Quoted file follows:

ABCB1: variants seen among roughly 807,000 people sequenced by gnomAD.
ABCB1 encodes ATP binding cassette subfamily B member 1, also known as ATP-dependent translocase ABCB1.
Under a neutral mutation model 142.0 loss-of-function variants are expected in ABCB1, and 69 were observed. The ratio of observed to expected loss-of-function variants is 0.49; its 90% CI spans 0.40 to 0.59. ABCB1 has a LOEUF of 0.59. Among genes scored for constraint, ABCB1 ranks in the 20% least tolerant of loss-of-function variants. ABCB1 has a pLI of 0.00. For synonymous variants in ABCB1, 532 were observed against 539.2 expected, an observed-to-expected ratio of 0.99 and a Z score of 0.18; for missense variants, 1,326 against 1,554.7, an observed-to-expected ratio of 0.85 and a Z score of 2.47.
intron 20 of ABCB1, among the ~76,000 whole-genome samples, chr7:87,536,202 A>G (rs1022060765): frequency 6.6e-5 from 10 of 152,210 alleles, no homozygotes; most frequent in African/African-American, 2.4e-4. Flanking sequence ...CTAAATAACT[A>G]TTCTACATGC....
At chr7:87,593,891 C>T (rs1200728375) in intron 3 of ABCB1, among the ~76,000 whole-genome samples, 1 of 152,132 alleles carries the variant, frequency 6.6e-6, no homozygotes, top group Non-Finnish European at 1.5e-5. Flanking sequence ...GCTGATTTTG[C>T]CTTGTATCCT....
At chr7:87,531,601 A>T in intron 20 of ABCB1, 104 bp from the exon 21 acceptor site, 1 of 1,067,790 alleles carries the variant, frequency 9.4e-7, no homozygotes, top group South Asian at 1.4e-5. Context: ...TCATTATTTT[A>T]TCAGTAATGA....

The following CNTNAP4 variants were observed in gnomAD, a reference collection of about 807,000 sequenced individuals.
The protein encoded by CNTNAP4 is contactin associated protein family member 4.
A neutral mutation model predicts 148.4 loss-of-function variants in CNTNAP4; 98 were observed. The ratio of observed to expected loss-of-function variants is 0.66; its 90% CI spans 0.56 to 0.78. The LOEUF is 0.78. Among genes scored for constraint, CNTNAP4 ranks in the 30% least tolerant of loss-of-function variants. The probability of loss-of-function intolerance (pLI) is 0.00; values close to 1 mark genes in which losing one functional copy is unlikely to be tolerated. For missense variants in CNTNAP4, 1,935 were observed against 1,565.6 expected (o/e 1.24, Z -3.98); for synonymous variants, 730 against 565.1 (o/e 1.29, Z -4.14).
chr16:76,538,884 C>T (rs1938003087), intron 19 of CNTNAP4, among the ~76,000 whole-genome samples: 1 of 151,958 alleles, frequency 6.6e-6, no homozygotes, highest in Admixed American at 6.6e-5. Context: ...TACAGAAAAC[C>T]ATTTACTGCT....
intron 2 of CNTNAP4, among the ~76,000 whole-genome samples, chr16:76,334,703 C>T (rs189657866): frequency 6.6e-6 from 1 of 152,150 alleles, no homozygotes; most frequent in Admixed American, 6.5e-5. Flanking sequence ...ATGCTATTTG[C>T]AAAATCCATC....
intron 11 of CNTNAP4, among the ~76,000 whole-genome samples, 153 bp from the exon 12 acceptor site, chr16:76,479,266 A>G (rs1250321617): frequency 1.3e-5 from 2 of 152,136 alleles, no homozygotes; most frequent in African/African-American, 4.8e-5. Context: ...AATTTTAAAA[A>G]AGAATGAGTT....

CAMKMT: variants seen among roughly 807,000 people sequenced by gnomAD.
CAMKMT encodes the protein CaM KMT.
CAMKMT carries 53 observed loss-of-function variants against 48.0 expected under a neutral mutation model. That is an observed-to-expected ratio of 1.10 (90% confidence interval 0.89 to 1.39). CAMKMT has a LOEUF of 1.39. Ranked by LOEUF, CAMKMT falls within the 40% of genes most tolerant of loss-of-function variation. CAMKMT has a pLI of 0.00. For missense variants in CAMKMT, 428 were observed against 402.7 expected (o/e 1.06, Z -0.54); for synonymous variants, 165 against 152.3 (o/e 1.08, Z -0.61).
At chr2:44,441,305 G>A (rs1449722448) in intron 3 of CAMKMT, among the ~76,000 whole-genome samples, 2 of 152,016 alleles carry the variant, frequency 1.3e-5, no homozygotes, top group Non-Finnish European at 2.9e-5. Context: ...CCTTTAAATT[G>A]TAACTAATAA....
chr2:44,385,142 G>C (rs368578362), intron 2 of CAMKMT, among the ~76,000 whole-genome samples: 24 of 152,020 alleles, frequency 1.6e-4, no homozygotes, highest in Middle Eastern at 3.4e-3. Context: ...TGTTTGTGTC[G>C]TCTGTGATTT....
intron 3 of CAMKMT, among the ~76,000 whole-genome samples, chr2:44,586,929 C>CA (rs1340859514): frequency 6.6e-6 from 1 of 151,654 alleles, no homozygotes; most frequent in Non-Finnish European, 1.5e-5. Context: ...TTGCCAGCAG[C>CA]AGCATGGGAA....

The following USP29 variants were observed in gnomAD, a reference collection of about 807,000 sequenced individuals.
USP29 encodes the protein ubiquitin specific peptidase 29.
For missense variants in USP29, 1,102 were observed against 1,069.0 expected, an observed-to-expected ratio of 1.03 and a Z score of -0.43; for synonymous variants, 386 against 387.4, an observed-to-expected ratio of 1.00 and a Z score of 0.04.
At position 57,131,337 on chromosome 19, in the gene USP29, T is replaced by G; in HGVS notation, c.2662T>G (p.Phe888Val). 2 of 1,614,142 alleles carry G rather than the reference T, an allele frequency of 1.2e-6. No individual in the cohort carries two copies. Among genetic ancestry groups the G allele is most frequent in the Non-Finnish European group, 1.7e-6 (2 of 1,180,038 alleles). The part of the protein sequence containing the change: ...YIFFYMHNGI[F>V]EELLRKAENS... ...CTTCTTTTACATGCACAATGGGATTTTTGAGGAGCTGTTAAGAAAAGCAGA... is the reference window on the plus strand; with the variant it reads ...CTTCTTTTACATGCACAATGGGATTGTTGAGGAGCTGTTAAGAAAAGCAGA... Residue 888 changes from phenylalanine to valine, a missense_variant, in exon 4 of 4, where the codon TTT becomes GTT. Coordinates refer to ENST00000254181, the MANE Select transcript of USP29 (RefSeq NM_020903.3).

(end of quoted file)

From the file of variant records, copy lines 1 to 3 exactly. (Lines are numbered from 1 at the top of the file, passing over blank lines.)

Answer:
ABCB1: variants seen among roughly 807,000 people sequenced by gnomAD.
ABCB1 encodes ATP binding cassette subfamily B member 1, also known as ATP-dependent translocase ABCB1.
Under a neutral mutation model 142.0 loss-of-function variants are expected in ABCB1, and 69 were observed. The ratio of observed to expected loss-of-function variants is 0.49; its 90% CI spans 0.40 to 0.59. ABCB1 has a LOEUF of 0.59. Among genes scored for constraint, ABCB1 ranks in the 20% least tolerant of loss-of-function variants. ABCB1 has a pLI of 0.00. For synonymous variants in ABCB1, 532 were observed against 539.2 expected, an observed-to-expected ratio of 0.99 and a Z score of 0.18; for missense variants, 1,326 against 1,554.7, an observed-to-expected ratio of 0.85 and a Z score of 2.47.